Perhaps the most exciting development is that we are putting together our Manufacturing Pasts material into a new iTunes U Course, which will be launched at the same time as our University of Leicester iTunes U channel — which we are working hard to make happen before Christmas.

If you would like some helpsheets on creating mobile-ready learning materials, check out this blog post where I have begun to share these.

Terese Bird, Learning Technologist and SCORE Research Fellow, University of Leicester

 

 

Students’ opinions of Manufacturing Pasts materials – Part I

At the beginning of the summer just gone, I was able to run three focus groups with 2nd and 3rd year University of Leicester undergraduate history students, to get their opinions of the Manufacturing Pasts industrial history materials we’re discovering and preparing and putting online. At the time, we had not even created too many materials yet, and the website was in an embryonic state, but we wanted to get some early evaluation to inform future work. And it goes without saying that getting students’ opinions is vital; they are the intended ‘customer’ of our project materials.

I gave the students about 45 minutes to look at and listen to some of the videos, Powerpoint presentations, and ebooks I had created, having to do with the Liberty Building and the Corah factory. All of the students spent the full amount of time and were very engaged with what they were watching and reading and listening to.

When I asked: how might these materials be used in a history module such as the ones you are taking now?, I was fascinated by the connections they were seeing with whatever history topic they were currently working on. They brought up:

  • Post World War II study and the loss of community when manufacturing failed
  • Gender studies, noticing the different work being done by women and by men in the Corah photos
  • Immigration
  • Philanthropy by company owners in the 19th century
  • fashion history
  • comparison of manufacturing processes then and now

They suggested a number of ways the materials might be brought into their modules:

  • The lecturer uses the photos and interviews in lectures
  • The videos and photos could be used in seminars for discussion
  • Gobbet papers could be assigned based on any of these materials
  • Essay questions can target the primary sources in MyLeicestershire History
  • Buildings and areas covered by these materials can be visited, with the materials carried along in smartphones or tablets for reference, to see what they look like now

One student commented that these materials could be used to comprise museum exhibitions, because the copyright issue has already been addressed. This was the first time in my discussions with students that I saw  the penny drop as to why an open license is important.

I shall discuss more about these student evaluations in future blog posts.  Overall, students liked these materials and their historical interests seemed to be quite sparked by both the online collections of primary sources and the mashups we put together as part of the project.

Terese Bird, Learning Technologist, University of Leicester

 

 

Don’t say OER

On 11th September 2012, I presented Manufacturing pasts: Opening Britain’s Industrial Past to New Learners and New Technologies’ at the Association for Learning Technology annual conference in Manchester.  It was a parallel session and to my recollection we had 40+ attendants, who very well received the presentation.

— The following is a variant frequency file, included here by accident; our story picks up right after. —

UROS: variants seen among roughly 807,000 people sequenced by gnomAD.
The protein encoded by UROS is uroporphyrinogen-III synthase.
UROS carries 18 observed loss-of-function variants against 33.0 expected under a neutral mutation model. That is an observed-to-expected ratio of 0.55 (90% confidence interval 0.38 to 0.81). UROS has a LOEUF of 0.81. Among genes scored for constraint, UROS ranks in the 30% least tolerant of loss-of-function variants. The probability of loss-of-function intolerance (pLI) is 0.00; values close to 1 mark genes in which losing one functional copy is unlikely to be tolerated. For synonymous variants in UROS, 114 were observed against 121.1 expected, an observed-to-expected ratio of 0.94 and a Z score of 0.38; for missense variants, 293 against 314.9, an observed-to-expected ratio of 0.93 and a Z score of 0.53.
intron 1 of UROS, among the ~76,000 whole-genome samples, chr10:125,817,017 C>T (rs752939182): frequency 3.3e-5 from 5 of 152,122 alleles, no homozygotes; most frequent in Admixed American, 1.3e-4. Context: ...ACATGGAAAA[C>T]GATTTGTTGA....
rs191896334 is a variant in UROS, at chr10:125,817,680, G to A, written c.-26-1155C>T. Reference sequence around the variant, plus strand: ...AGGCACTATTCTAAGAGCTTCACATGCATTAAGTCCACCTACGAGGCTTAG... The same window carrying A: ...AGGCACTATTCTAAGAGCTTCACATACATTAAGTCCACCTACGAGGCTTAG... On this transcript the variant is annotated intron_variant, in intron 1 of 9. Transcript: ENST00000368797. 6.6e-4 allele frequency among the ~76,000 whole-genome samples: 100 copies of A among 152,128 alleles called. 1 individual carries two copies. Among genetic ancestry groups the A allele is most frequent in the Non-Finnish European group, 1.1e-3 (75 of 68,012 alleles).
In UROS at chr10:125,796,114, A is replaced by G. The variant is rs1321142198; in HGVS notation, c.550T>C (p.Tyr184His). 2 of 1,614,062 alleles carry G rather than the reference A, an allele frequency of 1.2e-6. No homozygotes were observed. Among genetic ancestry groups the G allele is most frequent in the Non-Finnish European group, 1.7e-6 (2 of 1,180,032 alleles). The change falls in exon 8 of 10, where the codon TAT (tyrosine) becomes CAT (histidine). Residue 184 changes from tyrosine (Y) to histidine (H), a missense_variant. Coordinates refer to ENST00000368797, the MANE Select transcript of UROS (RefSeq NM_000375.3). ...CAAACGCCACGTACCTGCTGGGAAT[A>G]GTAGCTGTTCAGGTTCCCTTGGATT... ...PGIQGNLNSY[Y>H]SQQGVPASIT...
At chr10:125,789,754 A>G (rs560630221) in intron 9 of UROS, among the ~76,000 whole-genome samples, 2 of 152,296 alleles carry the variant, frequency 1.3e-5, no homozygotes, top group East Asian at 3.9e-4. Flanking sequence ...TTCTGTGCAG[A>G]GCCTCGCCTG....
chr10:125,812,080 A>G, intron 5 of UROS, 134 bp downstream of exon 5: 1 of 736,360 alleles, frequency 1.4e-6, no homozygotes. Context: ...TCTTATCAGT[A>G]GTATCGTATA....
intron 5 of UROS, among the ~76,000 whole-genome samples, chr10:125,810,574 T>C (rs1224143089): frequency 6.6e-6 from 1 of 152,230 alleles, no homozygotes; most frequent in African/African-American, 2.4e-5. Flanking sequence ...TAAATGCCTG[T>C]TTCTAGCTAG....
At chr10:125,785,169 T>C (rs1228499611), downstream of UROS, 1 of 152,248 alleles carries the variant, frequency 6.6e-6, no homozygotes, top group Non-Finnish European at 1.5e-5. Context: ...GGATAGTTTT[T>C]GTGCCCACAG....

Leicester Mercury article about impending demolition of Benjamin Russell building, 1993. From myleicestershire.org.uk. CC-BY-NC

One idea which came out of the presentation, to which I saw participants nodding in agreement, was that it is a good idea to avoid using the term OER (open educational resources), or at least to use it very sparingly, when describing open-access material to those who have a good chance of not being ‘in the know.’  A term such as OER may sound like jargon, and jargon can be divisive – shutting out those who are not ‘in the know’.  Furthermore, I need to be able to concisely explain why I am digitising this material and why it needs to be online and given an open-access license.

In the case of the Manufacturing Pasts project, the reason for digitising is that we just don’t have a very good historiography of the UK’s manufacturing decline in the 1970s through the 1990s. Furthermore, this era is generally a ‘digital dead zone’ of official documentation. Local councils were cutting budgets and archiving fewer documents beginning in the 70s, and digitisation did not really begin until the later 1990s, and so there is a lack of some important material. Just discovering and digitising these manufacturing-sector artefacts is necessary.

Benjamin Russell building, Mill Lane, Leicester, before its demolition in 1993. From myleicestershire.org.uk. CC-BY-NC

And why does it need to have an open license? Does it matter? Yes it matters, because we are putting these materials freely out on the internet. That in itself greatly increases their reach — someone in Kankakee, Illinois can easily search our my leicestershire.org.uk materials and listen to our interviews with Leicester workers, whereas before Manufacturing Pasts, an interested person would have had to have physically come to the archive to listen to the interview on an analog system. Because the items are openly available on the internet, we give them the Creative Commons copyright as a kind of guide to use and also as a protective measure.

Did you know that copyright clearance is seen as a form of quality assurance? My colleague Ming Nie found in the EVOL-OER reuse study that educators, when looking for online material to use in teaching, look for material that is copyright-cleared. In fact, I heard from academics in various ALT-C sessions, that copyright clearance is a desirable quality for online material because it means it has gone through that process, someone has cared enough to review it and clear it of copyright issues, and it can be reused ‘without fear.’

So although I like to avoid using the jargon ‘OER’,  I recognise and advocate the value of open materials and open practice, and I foresee their progression toward mainstream educational practice.

Terese Bird, Learning Technologist and SCORE Research Fellow, University of Leicester